That may include the FBI and/or CIA which had a strong situationally defined interest in getting their hooks into Epstein who was in a position to blackmail all of the above. So, too Mossad, Israel’s intelligence agency. Let’s note that Ghislaine Maxwell (Epstein’s No. 2 and sometime “partner”) is the daughter of the British publisher Robert Maxwell who is now known to have run an extensive intelligence network for Mossad among the London elite for which he was honored by President Shimon Peres and six former intelligence chiefs when buried in Jerusalem after a mysterious death off his private yacht in 1991.
Cooperation from any of this list of suspects is unlikely.
Appropriate methods vary by person and circumstance. Here are a few standard techniques to get tongues wagging.
No. 1. Build an irrefutable case against one of the suspects and then use that as leverage to induce a denunciation of others – particularly the most exposed and vulnerable. This is an old standard that retains its effectiveness. Blackmail holds its value. Some of the young women who served as sex slaves for our lords and masters should be able to identify the most recognizable figures. Doubtless, though, most have either been bought off (as Trump did Stormy Daniels and others), will be bribed, or blackmailed by virtue of their reluctance to put at risk their present lives. And they will need guarantees of protection. From whom? – accidents happen.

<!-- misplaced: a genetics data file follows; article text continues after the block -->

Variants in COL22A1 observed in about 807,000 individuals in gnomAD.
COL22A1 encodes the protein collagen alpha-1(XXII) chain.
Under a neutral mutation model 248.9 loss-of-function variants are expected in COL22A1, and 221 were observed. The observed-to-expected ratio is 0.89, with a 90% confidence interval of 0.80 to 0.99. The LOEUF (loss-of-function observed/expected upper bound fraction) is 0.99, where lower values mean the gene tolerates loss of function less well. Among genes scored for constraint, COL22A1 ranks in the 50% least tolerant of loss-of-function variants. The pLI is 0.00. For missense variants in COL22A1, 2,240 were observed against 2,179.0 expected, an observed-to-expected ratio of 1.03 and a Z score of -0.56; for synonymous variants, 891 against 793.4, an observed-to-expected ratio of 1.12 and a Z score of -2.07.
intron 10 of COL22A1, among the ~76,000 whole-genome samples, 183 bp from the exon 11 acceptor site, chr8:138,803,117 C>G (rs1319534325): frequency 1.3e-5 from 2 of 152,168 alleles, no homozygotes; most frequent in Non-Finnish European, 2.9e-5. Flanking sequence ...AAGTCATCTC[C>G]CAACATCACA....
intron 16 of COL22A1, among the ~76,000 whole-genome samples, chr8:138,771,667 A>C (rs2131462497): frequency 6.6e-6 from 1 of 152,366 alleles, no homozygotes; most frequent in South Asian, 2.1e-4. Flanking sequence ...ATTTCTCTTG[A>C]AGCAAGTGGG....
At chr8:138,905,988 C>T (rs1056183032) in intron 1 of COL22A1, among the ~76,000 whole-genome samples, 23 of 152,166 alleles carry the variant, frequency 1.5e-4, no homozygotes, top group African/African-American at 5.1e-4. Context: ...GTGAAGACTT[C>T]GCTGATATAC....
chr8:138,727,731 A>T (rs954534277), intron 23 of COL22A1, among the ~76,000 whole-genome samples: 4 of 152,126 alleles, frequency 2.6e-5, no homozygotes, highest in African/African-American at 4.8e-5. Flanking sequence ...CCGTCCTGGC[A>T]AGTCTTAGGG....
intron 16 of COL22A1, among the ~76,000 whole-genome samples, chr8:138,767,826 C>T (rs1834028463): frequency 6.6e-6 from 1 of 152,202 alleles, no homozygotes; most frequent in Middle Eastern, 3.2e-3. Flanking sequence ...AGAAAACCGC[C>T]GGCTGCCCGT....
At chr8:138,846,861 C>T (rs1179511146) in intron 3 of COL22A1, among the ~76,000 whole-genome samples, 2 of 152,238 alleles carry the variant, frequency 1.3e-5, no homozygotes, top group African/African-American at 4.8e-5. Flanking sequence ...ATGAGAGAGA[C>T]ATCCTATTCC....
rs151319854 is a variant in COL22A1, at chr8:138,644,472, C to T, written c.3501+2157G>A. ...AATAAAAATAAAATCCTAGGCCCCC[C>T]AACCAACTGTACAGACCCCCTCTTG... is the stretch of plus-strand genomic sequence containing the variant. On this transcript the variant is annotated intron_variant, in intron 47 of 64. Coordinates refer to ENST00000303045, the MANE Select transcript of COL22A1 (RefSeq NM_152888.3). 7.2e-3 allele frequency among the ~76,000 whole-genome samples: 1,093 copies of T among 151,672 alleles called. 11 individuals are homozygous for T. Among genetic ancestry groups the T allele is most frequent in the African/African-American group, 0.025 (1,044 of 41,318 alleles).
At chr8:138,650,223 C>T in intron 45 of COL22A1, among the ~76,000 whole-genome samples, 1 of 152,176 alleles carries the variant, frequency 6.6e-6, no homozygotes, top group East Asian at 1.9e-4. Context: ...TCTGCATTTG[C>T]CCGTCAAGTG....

No. 2. Physical coercion. Fortunately or not, this method is ruled out because of the case’s high visibility. Moreover, CIA Director Gina Haspel is currently unavailable as she is fighting tooth-and-nail to stay in the good graces of her boss. In addition, the Thai government reportedly has withdrawn its grant of access to the local “black sites” out of fear that the country’s highly lucrative sex tourism trade could be harmed by further exposure of the unsavory goings-on beyond the world of massage parlors.
No. 3. Psychology. There are a variety of approaches that evidently are more effective for eliciting vital information than physical coercion. Only morons like those in the CIA believe that you can beat the truth out of resistant suspects – of course, for them the real satisfaction came in the torture rather than in the solicitation of vital information. Revenge is what the War on Terror has been all about. There is also the risk that they will fabricate information in order to stop the pain and/or because they have paid to do so.